Senior living operators continue to cling hard to the notion that federal regulations must be avoided at all costs. Far better to let states set up the rules of the road, most insist.
Frankly, who could blame them? For Exhibit A in the case against federal rules, we need only look at what has happened to skilled care operators. Not only must nursing homes adhere to enough “rules of participation” to choke a blue whale, these mandates constantly are being adjusted and slathered on.
What. A. Nightmare.
If I were running a senior living community, federal rules are the last thing I would want, too. So believe me, I understand.
But my head tells me that it’s just a matter of time until federal rules are put in place. Why? Two likely reasons.
One is that senior living will find it increasingly difficult to pass itself off as a concierge-type business (which remains the story many communities still try to fob off).
Depending on which numbers are used, somewhere between 24,000 and 40,000 senior living communities are spread across the nation. Many are providing services that look an awful lot like skilled care. And more than a few are petitioning hospitals for discharged patients. Sorry, gang, but that’s too tempting a target for the name-to-make lawmaker who eventually will insist that we “bring some order” to the sector.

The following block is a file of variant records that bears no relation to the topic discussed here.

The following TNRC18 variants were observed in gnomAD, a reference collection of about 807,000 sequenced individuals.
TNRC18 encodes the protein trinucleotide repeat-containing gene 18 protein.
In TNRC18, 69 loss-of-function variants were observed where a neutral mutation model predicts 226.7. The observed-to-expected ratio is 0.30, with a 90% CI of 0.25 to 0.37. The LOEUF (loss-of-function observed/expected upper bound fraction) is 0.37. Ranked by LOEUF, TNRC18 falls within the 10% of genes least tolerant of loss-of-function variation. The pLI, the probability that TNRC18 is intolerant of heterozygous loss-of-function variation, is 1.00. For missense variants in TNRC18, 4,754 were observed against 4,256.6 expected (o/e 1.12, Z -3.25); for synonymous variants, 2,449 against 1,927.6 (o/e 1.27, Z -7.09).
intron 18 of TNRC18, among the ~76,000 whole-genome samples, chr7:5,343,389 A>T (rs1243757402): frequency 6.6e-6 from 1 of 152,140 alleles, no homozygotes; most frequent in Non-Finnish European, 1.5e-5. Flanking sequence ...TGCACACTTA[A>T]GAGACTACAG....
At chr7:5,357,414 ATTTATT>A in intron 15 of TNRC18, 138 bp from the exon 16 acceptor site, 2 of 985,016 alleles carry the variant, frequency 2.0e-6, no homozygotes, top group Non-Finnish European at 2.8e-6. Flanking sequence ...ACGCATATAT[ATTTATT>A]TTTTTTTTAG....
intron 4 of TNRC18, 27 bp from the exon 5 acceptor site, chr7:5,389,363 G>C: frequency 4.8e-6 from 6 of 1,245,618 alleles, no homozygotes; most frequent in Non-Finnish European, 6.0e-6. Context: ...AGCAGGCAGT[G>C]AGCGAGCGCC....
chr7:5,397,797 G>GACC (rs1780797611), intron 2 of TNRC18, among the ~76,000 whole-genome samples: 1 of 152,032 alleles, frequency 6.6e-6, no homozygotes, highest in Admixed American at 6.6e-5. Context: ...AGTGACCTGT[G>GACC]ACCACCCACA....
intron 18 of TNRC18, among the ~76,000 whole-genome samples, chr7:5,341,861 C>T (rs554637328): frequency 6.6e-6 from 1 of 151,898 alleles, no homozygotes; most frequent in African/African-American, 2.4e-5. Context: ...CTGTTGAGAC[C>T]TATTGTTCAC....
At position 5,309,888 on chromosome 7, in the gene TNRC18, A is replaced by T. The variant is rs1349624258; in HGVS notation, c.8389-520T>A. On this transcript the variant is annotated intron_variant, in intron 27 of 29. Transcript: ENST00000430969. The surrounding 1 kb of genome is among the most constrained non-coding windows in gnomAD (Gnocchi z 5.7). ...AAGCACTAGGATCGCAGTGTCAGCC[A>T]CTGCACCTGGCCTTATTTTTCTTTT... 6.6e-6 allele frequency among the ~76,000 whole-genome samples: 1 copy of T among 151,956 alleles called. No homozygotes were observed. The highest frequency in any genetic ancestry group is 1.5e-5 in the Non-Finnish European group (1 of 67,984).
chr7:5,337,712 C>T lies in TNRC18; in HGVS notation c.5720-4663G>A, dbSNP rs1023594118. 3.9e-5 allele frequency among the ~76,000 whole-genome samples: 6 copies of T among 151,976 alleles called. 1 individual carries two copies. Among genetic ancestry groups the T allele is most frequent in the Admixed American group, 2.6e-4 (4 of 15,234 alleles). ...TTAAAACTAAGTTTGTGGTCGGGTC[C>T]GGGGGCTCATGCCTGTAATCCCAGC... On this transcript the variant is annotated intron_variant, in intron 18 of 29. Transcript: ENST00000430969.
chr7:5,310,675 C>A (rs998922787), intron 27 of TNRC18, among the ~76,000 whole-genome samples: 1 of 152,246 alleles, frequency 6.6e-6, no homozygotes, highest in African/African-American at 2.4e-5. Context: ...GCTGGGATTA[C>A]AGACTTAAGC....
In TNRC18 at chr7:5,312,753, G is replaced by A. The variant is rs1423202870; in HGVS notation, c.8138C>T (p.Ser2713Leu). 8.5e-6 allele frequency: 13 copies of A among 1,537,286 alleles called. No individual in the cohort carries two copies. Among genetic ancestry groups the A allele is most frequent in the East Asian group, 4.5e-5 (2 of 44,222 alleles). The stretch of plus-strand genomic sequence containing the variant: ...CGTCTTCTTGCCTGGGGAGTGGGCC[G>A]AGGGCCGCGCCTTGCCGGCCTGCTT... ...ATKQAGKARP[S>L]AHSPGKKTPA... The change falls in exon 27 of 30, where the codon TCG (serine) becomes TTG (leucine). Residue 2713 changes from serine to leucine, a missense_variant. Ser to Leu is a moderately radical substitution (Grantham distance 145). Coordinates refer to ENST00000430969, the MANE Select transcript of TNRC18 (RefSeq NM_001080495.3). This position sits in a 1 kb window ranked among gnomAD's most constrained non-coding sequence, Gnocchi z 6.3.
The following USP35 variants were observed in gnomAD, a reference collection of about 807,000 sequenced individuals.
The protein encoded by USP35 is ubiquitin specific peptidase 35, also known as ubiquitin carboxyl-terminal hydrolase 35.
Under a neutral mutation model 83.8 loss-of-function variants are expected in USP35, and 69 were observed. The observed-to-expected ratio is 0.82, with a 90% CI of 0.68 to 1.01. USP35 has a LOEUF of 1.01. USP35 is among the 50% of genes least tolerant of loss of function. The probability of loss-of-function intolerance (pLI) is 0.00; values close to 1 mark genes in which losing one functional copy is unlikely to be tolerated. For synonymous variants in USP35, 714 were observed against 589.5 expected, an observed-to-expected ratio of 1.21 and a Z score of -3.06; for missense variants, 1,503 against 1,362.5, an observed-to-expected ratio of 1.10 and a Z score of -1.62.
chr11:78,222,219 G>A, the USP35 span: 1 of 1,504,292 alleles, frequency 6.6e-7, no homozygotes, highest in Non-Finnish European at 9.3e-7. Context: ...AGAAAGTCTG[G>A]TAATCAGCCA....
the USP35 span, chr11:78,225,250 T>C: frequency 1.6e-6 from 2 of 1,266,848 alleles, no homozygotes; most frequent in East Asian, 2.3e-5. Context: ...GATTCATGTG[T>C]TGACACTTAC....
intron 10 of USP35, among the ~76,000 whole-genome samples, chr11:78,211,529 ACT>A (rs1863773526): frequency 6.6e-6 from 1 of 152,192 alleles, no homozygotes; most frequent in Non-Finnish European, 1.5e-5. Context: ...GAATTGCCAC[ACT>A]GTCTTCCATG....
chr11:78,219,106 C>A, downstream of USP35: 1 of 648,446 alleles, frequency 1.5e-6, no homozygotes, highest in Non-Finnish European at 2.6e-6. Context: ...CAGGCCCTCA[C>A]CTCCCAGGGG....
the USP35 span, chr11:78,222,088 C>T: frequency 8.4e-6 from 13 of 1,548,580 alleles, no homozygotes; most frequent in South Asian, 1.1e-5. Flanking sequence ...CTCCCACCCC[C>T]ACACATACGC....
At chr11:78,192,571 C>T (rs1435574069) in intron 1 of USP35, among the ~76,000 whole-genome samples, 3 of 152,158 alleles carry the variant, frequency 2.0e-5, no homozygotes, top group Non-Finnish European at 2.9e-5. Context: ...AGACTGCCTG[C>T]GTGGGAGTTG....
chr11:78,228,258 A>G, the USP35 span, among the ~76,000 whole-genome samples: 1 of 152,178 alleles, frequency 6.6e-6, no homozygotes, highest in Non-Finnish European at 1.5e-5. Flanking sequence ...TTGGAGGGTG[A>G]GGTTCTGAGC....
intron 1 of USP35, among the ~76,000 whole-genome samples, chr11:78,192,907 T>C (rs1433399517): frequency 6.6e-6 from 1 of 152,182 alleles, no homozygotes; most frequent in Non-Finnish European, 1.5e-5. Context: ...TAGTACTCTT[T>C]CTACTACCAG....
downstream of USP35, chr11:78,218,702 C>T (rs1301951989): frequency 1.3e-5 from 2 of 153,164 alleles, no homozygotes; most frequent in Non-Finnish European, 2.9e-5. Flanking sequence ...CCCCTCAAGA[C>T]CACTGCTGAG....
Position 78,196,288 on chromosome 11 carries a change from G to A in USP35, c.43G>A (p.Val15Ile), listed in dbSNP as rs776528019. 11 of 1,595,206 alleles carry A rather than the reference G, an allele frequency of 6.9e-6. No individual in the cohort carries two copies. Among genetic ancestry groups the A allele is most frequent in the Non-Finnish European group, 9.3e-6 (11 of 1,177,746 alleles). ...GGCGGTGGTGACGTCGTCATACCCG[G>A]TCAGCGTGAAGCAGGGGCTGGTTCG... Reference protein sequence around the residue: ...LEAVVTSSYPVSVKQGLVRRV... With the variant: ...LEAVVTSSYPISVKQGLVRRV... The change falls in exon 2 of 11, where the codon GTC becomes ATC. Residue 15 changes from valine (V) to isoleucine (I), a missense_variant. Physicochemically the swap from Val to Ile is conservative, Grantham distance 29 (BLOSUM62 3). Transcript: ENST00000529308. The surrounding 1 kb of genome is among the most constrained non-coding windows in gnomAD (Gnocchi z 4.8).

The other driver? Senior living operators themselves.
Take the recent heartbreaking story about Grace Watanabe, a 97-year old with dementia. She was forced to live in a Japanese internment camp during World War II, which may be the second worst way she was treated.
The first was probably the looting of her assets while she was a resident at a senior living community in Chicago. This was not just an aide lifting some jewelry (although that, too, is despicable). No, according to published reports, a team of employees systematically drained her bank account. They did this by cashing checks, transferring funds online and good old fashioned ATM withdrawals.
It’s exactly the kind of outrageous episode that can galvanize voters to insist as one that something be done.
Does this mean all hope lost? No.
Actually, there is a very specific something that the senior living field can do. Argentum, the American College of Health Care Administrators or some other accrediting group could create a special membership category for the best of the best in the field. To be a member, candidates would have to pass a rigorous credentialing process that proves a commitment to quality, a rejection of unethical behavior and a requirement to report unprofessional behavior by others in the field.
Think Code of Honor. But a real code of honor. Not just the lip service we see in some, shall we say, other places?
By the way, these members would be required to undergo an annual review to make sure they still qualify. And that would include a rigorous audit by inspectors who know a thing or two about cooking the books.
Admittedly, that’s a tough way to go. But the way I see it, senior living operators really have two choices: Look at your shoes, or look in the mirror.
Either way, there will be consequences.